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Tag Archive | "Auto Insurance"

Simple ways older drivers can save money on auto insurance


_CAR-Simple-ways-older-people (BPT) – Are your auto insurance premiums too high? Maybe they are, but not for reasons you might think. Insurance companies aren’t charging you higher premiums because you’re in an over-50 age group. You may be paying too much because you haven’t done anything to lower the cost of your premiums. Check out these money-saving tips – they could be right up your alley.

* Comparison shop. You don’t need to stay with the same insurance company forever. Prices vary from company to company. Just be sure you discuss the identical coverage with each company representative. Also, don’t go by price alone. Consider the company’s reputation, customer service and available discounts. Look online at customer reviews to get a better picture.

* Combine policies with one carrier. You may save money if you insure all your vehicles on a single policy. Your premium may also go down if you have life or homeowners’ insurance with that company, too.

* Consider asking about higher deductibles. In some cases, if you increase your deductible, you could lower your premiums. Of course, that means you’ll have to pay more money out-of-pocket if you’re in an accident.

* Take an AARP Driver Safety course. Available both online and in the classroom – in English and Spanish – this course teaches valuable defensive driving techniques and provides a refresher about the rules of the road. When you complete the course, you could qualify for a multi-year discount from your auto insurance company (check with your insurance agent for more details). Visit www.aarp.org/drive to find a course in your area.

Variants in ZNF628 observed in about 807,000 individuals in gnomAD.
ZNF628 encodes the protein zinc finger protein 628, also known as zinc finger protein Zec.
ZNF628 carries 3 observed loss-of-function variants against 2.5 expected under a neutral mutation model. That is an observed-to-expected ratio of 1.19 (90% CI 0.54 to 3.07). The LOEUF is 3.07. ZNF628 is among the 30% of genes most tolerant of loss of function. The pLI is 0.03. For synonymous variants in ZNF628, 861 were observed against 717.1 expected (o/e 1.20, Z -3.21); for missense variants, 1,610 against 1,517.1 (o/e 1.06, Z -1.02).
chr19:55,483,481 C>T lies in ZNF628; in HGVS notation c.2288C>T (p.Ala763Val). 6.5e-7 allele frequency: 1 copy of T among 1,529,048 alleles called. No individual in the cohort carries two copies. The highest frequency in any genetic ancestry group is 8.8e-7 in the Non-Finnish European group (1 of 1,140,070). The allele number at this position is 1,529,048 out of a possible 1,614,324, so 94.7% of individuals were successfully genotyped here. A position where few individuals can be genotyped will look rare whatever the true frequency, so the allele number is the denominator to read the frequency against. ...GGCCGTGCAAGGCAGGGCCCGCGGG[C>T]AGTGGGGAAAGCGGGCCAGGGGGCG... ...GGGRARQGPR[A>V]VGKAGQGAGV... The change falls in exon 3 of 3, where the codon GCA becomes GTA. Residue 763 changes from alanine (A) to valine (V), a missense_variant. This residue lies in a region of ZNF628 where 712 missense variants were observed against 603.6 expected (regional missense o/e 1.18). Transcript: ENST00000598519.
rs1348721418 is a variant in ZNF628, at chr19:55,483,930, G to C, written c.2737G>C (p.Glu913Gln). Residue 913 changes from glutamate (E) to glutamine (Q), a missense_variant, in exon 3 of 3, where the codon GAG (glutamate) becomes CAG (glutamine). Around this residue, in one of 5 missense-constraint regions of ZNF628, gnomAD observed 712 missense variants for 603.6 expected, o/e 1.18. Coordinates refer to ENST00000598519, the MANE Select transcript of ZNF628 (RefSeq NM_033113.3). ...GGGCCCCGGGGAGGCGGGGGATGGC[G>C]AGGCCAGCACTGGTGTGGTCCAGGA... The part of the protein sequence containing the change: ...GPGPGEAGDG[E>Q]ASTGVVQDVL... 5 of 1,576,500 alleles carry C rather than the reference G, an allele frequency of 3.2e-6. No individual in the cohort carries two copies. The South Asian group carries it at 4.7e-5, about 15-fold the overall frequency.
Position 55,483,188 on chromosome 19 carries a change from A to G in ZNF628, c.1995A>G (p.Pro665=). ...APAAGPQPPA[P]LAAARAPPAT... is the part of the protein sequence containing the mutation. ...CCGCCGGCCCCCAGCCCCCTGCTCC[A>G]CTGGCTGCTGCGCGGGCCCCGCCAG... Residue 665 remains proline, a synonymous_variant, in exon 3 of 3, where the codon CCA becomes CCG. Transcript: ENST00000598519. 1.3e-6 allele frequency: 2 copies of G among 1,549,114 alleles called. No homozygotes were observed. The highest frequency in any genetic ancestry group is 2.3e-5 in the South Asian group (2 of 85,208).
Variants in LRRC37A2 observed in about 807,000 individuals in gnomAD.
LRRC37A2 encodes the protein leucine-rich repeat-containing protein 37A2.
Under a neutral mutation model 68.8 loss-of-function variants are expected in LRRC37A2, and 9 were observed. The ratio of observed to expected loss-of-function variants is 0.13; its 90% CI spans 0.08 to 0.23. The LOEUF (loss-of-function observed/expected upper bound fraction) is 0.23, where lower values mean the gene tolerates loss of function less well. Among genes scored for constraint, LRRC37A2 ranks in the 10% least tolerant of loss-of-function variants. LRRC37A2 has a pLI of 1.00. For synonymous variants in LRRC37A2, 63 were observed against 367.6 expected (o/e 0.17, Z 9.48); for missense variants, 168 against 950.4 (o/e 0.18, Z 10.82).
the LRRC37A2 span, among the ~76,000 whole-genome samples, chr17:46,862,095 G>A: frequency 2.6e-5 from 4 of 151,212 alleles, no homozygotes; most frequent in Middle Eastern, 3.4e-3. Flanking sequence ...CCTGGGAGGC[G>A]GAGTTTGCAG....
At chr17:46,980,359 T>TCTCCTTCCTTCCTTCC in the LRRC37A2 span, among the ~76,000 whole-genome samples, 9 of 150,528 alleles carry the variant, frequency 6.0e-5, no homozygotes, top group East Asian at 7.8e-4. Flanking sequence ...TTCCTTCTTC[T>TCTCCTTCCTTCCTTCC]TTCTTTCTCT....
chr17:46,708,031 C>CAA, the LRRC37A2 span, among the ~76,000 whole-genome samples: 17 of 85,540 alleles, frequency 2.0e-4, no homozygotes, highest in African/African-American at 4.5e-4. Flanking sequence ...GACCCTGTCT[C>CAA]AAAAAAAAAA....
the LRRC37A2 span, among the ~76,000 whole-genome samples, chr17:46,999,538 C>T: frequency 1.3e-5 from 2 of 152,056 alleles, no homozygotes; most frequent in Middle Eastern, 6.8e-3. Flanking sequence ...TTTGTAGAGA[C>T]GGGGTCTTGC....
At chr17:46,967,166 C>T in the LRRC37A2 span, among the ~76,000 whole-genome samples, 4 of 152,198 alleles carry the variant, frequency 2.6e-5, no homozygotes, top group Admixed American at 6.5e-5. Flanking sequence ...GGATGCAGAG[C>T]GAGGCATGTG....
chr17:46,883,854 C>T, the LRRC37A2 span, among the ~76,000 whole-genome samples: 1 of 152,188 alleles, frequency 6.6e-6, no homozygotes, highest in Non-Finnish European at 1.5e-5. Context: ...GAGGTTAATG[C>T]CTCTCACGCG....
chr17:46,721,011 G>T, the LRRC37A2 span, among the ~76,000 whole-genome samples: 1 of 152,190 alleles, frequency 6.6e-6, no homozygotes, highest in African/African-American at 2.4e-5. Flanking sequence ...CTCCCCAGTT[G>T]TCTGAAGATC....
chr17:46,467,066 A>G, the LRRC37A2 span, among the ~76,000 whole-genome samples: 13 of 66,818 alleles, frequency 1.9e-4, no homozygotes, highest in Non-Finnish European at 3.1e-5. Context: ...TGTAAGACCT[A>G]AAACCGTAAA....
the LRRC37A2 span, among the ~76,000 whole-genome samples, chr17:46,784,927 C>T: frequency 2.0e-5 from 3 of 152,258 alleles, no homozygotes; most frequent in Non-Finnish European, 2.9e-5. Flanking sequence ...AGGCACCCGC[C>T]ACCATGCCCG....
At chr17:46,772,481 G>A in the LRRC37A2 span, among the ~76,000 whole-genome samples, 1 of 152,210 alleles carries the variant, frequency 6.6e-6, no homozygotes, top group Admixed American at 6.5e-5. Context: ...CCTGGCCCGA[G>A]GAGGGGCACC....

* Consider dropping collision and/or comprehensive coverage. It may not make financial sense to pay premiums over many years to maintain collision and comprehensive coverage. If your car is worth less than 10 times the premium, purchasing the coverage may not be cost effective, according to the Insurance Information Institute (III). But don’t drop your liability coverage, which can help cover expenses for property or bodily damage you cause while driving your car.

* Take advantage of low-mileage discounts. Some carriers offer discounts to drivers who put less than a predetermined number of miles on their vehicles each year. If you’re only using your car to drive to your kids’ houses, the grocery store, the mall and the gym, this could be a money-saving opportunity.

* Ask about car-safety discounts. Some insurers give discounts for having certain safety devices in your car, such as air bags, automatic safety belts, anti-lock brakes, daytime running lights, or even an approved alarm system. In addition to lowering your premium, these features will help keep you safe on the road.

* If you’re in the market for a new car, consider purchasing a low-profile vehicle. It’s more expensive to insure a vehicle that’s expensive to repair, popular with thieves or known for not having a good safety record. To find out vehicles’ risk levels, visit the Insurance Institute for Highway Safety website.

Everyone’s trying to save money these days. By following these tips, you’ll be in the driver’s seat when it comes to auto insurance premiums.

 

Posted in Auto Life, FeaturedComments Off